Lieberman’s proposal is not a foolish plan. Kurds are a significant group in the Middle East, with a population of over thirty million. Up to twenty million live in Turkey, almost eight million in Iran, another seven in Iraq, and almost two in Syria. The rest is scattered in surrounding countries, including Azerbaijan, Armenia, Israel, as well as a substantial European diaspora (3/4 of a million in Germany).
Indo-European people speaking an Iranian language and practicing mainly Sunni Islam, Kurds had several independent principalities and emirates until the 16th century, when they were conquered and split between the Safavid and Ottoman empires. After WWI, the Allies agreed to create several countries within the former boundaries of the Ottoman Empire.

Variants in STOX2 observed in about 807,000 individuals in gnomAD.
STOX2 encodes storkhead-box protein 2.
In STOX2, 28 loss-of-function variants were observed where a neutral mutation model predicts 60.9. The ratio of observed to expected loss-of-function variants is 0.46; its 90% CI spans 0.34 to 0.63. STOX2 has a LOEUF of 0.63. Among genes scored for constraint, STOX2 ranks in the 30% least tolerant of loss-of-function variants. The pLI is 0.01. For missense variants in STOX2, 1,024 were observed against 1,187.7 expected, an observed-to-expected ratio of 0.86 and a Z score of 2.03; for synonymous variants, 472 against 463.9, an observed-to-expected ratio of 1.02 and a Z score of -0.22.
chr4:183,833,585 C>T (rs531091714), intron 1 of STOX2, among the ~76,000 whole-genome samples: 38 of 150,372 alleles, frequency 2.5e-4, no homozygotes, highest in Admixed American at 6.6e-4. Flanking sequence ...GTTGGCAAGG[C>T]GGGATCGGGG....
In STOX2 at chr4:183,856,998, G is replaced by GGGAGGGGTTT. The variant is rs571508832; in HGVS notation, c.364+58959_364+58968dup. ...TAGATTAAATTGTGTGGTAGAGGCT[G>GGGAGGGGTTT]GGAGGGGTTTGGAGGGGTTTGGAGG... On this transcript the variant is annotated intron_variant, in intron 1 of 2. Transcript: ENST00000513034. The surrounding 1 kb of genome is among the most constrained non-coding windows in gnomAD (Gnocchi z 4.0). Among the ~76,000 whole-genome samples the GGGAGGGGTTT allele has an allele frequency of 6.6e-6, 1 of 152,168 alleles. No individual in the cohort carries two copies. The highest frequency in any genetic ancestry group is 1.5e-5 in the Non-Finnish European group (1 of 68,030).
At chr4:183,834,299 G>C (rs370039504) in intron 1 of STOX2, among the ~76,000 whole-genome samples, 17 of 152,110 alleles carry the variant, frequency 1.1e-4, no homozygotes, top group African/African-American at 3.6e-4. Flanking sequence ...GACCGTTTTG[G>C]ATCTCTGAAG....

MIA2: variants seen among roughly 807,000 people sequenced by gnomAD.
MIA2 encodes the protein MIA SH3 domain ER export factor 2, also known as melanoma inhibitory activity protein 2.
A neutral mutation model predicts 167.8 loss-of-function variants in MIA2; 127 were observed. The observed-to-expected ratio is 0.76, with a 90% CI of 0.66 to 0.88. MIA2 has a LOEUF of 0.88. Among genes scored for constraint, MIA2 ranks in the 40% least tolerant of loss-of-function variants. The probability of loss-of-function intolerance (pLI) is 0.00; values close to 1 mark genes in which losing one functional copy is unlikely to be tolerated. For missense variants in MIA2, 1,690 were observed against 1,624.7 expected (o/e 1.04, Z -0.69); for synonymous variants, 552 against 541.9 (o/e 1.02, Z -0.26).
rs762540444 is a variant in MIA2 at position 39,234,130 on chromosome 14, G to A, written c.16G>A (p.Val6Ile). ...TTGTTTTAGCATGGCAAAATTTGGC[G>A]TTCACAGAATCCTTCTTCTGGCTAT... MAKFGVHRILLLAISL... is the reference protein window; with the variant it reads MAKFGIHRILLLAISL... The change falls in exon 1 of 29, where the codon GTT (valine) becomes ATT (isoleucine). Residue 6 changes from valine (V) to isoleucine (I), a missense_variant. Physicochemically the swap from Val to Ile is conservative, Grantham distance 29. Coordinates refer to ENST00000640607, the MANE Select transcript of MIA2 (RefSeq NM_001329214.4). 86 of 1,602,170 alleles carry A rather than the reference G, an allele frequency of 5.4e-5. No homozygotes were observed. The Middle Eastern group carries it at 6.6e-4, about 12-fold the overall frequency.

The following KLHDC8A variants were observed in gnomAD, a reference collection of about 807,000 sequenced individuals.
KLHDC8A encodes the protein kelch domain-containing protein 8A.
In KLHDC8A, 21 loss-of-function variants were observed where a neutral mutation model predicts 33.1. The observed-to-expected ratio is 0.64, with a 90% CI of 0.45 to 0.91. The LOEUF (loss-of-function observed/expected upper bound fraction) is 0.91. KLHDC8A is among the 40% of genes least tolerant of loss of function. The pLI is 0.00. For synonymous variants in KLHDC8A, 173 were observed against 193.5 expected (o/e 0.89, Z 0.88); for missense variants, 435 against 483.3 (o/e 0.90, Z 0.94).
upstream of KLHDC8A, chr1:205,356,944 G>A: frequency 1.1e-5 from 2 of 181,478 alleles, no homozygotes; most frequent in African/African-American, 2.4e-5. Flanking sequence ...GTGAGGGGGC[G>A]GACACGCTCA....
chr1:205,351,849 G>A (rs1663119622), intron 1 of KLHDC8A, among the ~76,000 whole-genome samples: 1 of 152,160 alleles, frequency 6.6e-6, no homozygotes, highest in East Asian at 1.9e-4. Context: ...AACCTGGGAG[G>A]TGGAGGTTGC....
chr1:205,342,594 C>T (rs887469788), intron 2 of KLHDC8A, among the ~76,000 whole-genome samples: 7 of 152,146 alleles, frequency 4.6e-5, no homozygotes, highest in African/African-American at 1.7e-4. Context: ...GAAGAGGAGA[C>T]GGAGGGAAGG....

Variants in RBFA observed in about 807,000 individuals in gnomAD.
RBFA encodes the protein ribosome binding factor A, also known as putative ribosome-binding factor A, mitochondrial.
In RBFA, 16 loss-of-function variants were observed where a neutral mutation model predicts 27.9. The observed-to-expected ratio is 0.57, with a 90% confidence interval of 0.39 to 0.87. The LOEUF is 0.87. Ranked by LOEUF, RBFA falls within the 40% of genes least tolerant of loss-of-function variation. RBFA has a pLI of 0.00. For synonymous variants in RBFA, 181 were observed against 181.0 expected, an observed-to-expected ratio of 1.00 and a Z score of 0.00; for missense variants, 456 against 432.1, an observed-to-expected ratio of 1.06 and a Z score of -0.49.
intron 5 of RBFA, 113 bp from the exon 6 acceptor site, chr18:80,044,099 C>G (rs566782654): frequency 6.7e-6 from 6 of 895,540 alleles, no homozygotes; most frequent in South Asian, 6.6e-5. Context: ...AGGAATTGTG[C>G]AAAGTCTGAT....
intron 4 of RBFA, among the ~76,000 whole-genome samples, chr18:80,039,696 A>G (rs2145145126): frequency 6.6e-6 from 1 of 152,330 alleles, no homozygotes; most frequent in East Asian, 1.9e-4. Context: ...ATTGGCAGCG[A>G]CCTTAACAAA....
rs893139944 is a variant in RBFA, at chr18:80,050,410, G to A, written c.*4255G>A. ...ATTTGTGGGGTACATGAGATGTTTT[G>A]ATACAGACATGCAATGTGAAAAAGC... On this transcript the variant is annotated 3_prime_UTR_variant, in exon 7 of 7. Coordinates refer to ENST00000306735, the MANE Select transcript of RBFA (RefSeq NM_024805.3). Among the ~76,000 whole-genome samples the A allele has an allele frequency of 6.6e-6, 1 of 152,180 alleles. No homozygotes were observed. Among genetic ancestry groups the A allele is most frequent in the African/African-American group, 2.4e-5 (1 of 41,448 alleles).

The never-ratified Treaty of Sèvres included an independent Kurdistan next to a large Armenia. However, Kemal Atatürk conquered these areas and forced the Allies to accept the renegotiated Treaty of Lausanne and the borders of the Republic of Turkey. This left the Kurds without an independent country. Additional Kurd territories were left within British Iraq and French Syria; these areas remained within those countries after they gained independence.
In 1992, following the First Gulf War, the Allies established Iraqi Kurdistan in northern Iraq; this is an autonomous entity inside Iraq with its own local government and parliament. The area contains the sixth largest reserves of oil in the world and is rich in several other minerals and metals. Moreover, there is an oil-pipeline connecting it with Israel.
Between 1935 and 1948, the Mosul–Haifa oil pipeline transported crude oil from the oil fields in Kirkuk, north Iraq, through Jordan to Haifa. It is marked “H” in maps for its final point: Haifa. The point marked H2 in the map is considered strategic by the IDF since it is the largest plain along the pipeline’s path.